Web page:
Ed Glynn: Former Shea Stadium Hot Dog Vendor & Mets Pitcher (1979-1980)

Edward Paul Glynn
was born June 3rd in Flushing, Queens New York. He is one of few Mets players to actually be born in Flushing. 

At the time, the Dodgers were still in Brooklyn, the Giants were still at the Polo Grounds, both playing in the National League. The Mets would not come into existence until he was ten years old & Shea Stadum opened while he was just 12.

Glenn attended Francis Lewis High School, in Fresh Meadows Queens. He would get himself a job at Shea Stadium for nights & weekends.

Shea Stadium- Hot Dog Vendor: In the late sixties & start of the seventies, Glynn was a hot dog vendor at Shea. He got to see the Amazing Mets & watch greats like Tom Seaver, Nolan Ryan & Jerry Koosman pitch. 

The hometown Mets did not sign the blonde, six-foot two left hander, but the Detroit Tigers did right out of high school at age 18.

Glynn would go from selling hot dogs to the Shea pitcher's mound just a decade later, not bad for the kid from Queens. 

Trivia: The Mets honored Glynn when he became a Mets pitcher, awarding him with a hot dog vendor box with his name & number painted on it. He also became known as the Flushing Flash.

Minor Leagues: He pitched through A ball in 1972 moving up to A ball Clinton in 1973 as the hometown Mets were winning the NL Pennant. 

He jumped through AA in 1974 going 9-8 with 135 strike outs in 163 innings. By 1975 he was at AAA Evansville winning eleven games (11-7) with a 2.96 ERA. It earned him a September call up.

MLB Career: Glynn made his MLB debut, on September 19th 1975 at Tiger Stadium, allowing two runs in 2.2 innings to that years AL pennant winning Boston Red Sox. He took the loss and went 0-2 that month in three appearances.

In the next two years, he got September call ups each time. In 1978 he made it to the big-league team by July & was now a full time reliever.

He would pitch in only 26 games (eight starts) for Detroit from 1975-1978 going 3-6 with a 4.93 ERA. In 1979, Glynn was traded to the New York Mets during Spring Training, in exchange for right-handed pitcher Mardie Cornejo, who had gone 4-2 with three saves and a 2.45 ERA for the 1978 Mets.

Mets Career: Glynn began the season at AAA Tidewater going 0-1 in 17 appearances. He was brought up at the start of June, and was thrilled to be pitching in the neighborhood he grew up in at the major league level.

Ed Glynn debuted as a Met on June 1st, 1979, earning a save at Atlanta as the Mets beat the Braves 5-4. Although the next day the Braves beat him, getting a run in the seventh inning for the win. On June 6th he pitched a scoreless 9th in Cincinnati to earn his second save.  

On June 10th, he pitched in Queens as a Met for the first time, with big cheering section of family & friends. Glynn pitched the 7th & 8th innings of a 5-3 loss against the Houston Astros.

He earned four saves with a 1.69 ERA in a dozen appearances during his first month. 

In July he blew a save to the Padres then took a loss to the Dodgers in L.A. He would collect three holds that month, them earn two more saves, at the end of the month. On September 6th he earned his first Mets win, a 5-3 Mets victory in the first game of a double header at Philadelphia against the Phillies. In that game he faced off against former Met, Tug McGraw.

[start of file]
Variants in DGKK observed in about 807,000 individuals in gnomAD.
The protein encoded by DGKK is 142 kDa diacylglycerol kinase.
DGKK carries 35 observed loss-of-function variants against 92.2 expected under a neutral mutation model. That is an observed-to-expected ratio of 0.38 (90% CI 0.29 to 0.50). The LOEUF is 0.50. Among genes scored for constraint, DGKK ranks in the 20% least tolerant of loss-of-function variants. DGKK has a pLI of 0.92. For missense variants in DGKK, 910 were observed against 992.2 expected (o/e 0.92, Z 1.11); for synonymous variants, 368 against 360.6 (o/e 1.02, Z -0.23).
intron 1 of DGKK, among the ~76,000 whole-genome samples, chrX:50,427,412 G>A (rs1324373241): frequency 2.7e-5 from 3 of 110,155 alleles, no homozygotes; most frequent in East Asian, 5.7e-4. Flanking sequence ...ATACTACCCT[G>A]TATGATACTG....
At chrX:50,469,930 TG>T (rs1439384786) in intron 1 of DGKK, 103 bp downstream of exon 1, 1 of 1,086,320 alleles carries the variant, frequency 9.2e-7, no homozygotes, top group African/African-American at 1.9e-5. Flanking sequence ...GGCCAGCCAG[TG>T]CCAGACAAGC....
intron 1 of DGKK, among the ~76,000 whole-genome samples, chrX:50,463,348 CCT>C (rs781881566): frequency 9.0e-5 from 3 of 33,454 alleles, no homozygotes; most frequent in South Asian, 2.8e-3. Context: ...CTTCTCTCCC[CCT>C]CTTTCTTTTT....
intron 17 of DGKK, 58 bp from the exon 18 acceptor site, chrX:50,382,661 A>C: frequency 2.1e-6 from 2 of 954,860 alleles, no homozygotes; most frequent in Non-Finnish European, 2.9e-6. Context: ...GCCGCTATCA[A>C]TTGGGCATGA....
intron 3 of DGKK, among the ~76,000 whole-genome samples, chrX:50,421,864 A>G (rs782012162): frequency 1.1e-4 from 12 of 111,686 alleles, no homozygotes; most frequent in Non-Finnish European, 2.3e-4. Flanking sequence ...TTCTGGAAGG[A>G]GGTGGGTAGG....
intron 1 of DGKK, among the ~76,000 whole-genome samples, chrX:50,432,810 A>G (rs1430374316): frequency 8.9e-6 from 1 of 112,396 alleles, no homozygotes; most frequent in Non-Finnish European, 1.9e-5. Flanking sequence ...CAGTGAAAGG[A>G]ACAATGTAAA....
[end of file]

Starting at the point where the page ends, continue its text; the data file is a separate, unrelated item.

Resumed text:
On the season he was third best out of the Mets bullpen with seven saves (behind Skip Lockwood – nine saves & Neil Allen- eight saves). Glynn's 3.00 ERA was second best on the entire staff (in more than 60 innings) as well. Overall he was 1-4 striking out 32 batters while walking 40, pitching 60 innings over 46 games.

1980: He would make three appearances in April, taking a loss at Houston while earning credit for a hold in Philadelphia. On May 4th he got the win, pitching 2.2 scoreless, in a 6-2 Mets victory over the San Diego Padres.

On June 26th he earned a win at Wrigley Field & a week later earned another win on the Fourth of July. That victory came at Shea against the Montreal Expos as Jose Cardenal, Steve Henderson & Lee Mazzilli all drove in late inning runs. Overall it was his last win in New York, he went 3-3 with a save on the year, He posted a 4.13 ERA, striking out 32 batters lowering his walks to 23 in 52 innings of work.

Post Mets career: Just as the 1981 season was to start he was traded to the Cleveland Indians for Dominick Bullinger who never suited up in a Mets uniform. Glynn spent three season with the Indians, having his best year in 1982, going 5-2 with four saves, posting a 4.17 ERA in 47 appearances. 

Glynn’s contract was purchased by the Mets once again in 1984. He would spend the Mets glory years of the 1980’s at AAA Tidewater, playing with some of those Mets stars from the Championship team. There he went 7-10 from 1984 through 1987. 

In 1985 he made three appearances for the Montreal Expos.

In 1990 at age 37, he made another return to the Met organization in an attempted comeback, pitching his final game at AAA Tidewater. 

Retirement: Glynn pitched in the short-lived Senior League for the St. Lucie team.

In his ten year career Glynn was 12-17 with 12 save, 184 strike outs 151 walks s and a 4.25 ERA in 265 innings pitched over 175 games played.

Quotes: Ron Darling said on a Mets broadcast that when he played with Ed Glynn in the minor leagues " I thought he was the text book New York, Queens guy".

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